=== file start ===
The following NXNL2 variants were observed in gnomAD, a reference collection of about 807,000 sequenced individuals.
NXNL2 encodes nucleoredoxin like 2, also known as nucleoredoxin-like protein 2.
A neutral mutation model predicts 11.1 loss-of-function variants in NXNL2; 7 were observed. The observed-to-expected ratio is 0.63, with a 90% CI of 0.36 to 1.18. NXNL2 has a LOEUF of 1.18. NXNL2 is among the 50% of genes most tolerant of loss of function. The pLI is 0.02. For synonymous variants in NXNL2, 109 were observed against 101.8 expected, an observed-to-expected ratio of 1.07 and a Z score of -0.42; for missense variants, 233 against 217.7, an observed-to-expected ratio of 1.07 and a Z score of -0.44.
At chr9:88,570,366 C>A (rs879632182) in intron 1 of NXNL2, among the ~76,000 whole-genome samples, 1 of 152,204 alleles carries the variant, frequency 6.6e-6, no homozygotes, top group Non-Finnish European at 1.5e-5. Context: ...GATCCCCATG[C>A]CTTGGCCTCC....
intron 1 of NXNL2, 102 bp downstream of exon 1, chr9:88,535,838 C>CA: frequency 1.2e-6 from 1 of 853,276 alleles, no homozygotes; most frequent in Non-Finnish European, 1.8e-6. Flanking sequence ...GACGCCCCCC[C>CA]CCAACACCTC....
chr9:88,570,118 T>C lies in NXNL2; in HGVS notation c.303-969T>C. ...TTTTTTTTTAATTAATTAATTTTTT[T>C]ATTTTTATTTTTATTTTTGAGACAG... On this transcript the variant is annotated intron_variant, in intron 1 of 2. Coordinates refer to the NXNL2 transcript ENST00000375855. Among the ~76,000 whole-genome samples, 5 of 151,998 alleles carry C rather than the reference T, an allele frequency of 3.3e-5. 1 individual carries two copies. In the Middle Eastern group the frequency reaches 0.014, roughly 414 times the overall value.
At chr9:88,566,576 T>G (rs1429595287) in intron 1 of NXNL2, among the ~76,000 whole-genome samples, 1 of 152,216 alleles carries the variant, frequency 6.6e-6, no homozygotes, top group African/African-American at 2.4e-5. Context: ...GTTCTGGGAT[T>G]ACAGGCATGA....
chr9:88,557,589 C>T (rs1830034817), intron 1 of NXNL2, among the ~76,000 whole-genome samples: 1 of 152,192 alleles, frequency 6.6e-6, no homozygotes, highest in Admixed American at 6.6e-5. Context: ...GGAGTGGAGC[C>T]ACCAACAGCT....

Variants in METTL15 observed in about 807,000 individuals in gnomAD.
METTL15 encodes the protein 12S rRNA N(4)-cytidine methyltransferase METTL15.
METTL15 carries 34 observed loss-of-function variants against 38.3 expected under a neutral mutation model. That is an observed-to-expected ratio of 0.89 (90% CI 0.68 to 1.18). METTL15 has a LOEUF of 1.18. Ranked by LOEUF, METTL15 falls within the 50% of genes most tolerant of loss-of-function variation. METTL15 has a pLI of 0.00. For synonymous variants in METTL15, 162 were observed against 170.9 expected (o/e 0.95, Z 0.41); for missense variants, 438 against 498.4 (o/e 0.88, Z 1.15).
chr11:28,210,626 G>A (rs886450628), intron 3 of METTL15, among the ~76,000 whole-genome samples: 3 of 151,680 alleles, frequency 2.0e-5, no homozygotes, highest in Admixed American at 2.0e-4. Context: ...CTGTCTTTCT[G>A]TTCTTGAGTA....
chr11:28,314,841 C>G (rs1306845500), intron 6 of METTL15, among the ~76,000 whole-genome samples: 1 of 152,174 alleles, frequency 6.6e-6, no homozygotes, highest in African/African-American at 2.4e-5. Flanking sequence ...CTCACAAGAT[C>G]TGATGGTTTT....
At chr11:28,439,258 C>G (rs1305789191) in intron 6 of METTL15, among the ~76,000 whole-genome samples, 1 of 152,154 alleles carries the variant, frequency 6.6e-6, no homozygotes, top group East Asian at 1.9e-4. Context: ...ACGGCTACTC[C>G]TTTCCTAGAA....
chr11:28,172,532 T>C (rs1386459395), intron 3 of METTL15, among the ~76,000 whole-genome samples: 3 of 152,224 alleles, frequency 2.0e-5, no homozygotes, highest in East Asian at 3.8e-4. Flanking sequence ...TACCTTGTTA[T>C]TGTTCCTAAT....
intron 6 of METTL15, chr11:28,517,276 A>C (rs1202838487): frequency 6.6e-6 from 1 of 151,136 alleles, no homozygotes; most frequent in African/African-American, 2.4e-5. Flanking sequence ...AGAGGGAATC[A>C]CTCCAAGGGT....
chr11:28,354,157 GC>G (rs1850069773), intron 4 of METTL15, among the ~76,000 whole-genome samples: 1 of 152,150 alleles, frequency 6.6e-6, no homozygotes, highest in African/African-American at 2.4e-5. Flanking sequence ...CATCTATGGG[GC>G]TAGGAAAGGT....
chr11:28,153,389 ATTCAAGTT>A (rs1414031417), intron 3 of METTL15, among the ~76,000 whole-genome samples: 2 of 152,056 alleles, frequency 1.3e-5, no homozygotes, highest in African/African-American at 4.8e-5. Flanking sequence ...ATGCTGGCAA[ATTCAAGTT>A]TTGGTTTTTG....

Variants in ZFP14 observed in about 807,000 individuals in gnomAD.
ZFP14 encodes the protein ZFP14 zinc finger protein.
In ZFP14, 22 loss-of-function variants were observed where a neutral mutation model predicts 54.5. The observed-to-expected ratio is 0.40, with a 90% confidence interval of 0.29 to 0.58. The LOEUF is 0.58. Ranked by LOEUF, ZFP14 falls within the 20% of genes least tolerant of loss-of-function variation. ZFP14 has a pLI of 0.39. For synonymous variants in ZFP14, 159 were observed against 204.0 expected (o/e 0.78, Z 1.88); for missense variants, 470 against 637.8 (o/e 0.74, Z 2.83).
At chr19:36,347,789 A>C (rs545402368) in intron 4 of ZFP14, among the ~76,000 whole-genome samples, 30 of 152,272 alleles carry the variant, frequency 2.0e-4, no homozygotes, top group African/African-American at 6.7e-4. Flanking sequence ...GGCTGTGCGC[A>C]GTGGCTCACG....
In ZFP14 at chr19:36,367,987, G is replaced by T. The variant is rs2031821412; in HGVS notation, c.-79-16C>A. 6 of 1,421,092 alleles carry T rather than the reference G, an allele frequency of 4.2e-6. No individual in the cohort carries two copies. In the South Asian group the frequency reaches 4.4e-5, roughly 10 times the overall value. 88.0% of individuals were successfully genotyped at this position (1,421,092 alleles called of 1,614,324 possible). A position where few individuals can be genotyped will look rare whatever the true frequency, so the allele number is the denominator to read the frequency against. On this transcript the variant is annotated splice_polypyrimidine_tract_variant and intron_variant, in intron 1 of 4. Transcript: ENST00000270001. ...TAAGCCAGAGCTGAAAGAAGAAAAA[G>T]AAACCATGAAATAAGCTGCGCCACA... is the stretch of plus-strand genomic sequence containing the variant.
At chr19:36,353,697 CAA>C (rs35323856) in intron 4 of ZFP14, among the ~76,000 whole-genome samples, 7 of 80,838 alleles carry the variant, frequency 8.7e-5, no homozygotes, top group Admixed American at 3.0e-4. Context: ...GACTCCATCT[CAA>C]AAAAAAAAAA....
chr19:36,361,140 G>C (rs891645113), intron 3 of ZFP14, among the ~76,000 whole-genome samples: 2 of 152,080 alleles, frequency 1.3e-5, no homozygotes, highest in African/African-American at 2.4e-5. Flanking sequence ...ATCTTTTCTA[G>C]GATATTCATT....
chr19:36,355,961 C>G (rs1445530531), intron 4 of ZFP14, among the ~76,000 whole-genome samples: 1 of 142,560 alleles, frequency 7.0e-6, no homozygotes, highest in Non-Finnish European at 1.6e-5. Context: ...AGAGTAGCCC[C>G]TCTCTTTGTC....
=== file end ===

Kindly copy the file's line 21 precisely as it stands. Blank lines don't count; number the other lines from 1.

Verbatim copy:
In ZFP14, 22 loss-of-function variants were observed where a neutral mutation model predicts 54.5. The observed-to-expected ratio is 0.40, with a 90% confidence interval of 0.29 to 0.58. The LOEUF is 0.58. Ranked by LOEUF, ZFP14 falls within the 20% of genes least tolerant of loss-of-function variation. ZFP14 has a pLI of 0.39. For synonymous variants in ZFP14, 159 were observed against 204.0 expected (o/e 0.78, Z 1.88); for missense variants, 470 against 637.8 (o/e 0.74, Z 2.83).